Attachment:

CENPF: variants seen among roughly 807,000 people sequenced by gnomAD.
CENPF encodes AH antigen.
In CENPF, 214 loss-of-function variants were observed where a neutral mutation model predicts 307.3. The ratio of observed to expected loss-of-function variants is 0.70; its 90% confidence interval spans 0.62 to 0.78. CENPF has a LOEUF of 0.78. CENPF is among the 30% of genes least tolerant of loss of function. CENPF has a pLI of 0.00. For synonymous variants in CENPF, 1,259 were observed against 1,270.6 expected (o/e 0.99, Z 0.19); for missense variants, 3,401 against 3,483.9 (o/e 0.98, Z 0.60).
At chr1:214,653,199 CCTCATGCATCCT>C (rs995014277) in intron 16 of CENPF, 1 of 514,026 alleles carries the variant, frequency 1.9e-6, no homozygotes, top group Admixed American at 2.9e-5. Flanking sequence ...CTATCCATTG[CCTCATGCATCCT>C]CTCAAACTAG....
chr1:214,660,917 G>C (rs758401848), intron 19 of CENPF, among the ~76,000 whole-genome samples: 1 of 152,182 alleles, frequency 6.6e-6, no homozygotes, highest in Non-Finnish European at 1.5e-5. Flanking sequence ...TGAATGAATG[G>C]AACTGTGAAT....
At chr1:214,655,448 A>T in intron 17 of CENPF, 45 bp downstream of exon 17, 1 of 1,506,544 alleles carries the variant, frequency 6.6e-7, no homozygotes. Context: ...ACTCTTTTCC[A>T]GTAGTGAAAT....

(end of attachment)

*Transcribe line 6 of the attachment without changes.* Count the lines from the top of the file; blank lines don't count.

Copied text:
At chr1:214,655,448 A>T in intron 17 of CENPF, 45 bp downstream of exon 17, 1 of 1,506,544 alleles carries the variant, frequency 6.6e-7, no homozygotes. Context: ...ACTCTTTTCC[A>T]GTAGTGAAAT....